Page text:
The second reason is a little vain, but I also gained 25 pounds over the last year and I think a lot of that had to do with the diet. And believe me I tried SO many different diets (not in the sense of weight loss diets but dietary PLANS) and the weight remained. When I started eating meat again I started to lose. For whatever reason, my body just does not seem to like a vegetarian diet, and while I'm sure there are work-arounds, in the end I have to listen to my body if it's screaming out for something. I just function better when I eat meat.

I also never really saw meat as a non-food. Just "food I don't eat." So I think that's part of why I found it easy to take it back.

ReplyThread Parent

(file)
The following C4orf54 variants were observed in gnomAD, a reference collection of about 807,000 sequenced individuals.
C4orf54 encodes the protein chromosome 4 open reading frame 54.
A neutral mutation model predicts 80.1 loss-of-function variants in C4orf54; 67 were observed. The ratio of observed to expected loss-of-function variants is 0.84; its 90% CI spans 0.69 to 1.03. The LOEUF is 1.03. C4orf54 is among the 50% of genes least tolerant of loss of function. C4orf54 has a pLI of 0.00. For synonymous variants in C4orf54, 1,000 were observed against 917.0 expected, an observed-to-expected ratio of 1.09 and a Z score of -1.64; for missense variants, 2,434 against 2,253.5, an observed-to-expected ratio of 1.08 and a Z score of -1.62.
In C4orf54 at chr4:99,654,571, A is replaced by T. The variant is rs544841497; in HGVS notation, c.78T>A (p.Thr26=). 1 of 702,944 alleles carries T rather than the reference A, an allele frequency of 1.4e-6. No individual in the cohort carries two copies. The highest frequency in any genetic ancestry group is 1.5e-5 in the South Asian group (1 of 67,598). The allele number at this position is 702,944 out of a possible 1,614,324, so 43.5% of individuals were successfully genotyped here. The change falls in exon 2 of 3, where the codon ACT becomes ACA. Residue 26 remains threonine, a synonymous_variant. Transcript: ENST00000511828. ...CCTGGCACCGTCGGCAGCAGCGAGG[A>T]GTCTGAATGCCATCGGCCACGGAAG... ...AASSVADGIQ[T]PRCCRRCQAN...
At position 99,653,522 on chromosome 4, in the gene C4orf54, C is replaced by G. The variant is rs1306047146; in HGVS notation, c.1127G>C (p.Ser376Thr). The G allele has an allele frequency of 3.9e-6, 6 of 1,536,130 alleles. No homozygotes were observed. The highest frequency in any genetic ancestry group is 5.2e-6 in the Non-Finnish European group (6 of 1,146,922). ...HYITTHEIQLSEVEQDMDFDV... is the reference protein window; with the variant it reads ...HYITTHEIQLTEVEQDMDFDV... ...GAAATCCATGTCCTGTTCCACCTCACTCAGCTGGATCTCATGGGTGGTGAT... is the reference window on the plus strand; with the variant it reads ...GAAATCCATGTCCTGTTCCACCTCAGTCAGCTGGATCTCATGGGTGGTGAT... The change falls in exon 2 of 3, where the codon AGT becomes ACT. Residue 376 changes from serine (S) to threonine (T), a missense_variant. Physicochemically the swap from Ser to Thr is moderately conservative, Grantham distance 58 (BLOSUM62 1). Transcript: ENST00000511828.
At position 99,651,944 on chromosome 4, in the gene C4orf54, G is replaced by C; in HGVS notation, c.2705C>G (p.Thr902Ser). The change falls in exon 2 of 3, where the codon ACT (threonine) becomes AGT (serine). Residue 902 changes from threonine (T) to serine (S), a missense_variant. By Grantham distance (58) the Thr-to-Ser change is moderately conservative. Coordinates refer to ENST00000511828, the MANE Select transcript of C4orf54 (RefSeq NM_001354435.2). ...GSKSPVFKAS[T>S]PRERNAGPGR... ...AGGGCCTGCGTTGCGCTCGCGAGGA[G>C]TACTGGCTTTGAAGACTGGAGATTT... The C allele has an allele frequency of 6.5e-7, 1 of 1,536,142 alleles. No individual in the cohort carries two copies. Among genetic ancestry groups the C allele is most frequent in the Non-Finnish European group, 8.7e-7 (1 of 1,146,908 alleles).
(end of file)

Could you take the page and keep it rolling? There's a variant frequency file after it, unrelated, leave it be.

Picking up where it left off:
Grim And Frostbitten Gay Bar
Sun, Jun. 7th, 2009 08:12 pm (UTC)
Re: This sort of relates. You might find it interesting.

I can sort of relate. When I became a vegetarian at age 13, I ate no vegetables at all. I actually didn't even eat many when I became a vegan at age 17 either (pretty much only eggplant and mushrooms). It was only after becoming a vegan I learned to love virtually every vegetable, as when I went to college there was always only one vegan option, so I either ate that or went hungry. Part of the reason I stayed vegan is because I liked my diet much more, and felt like my sense of taste became far more subtle, and I saw my older brother, once he went back to being just a vegetarian, lapse into a very cheese and carb heavy diet.

I never saw any relationship between my diet and my weight though. I was fat at 13 before and after becoming a vegetarian, lost a ton of weight at age 15, but didn't lose or gain any weight to speak of when I became a vegan at age 17. I've been roughly 10-20 pounds overweight my entire adult life.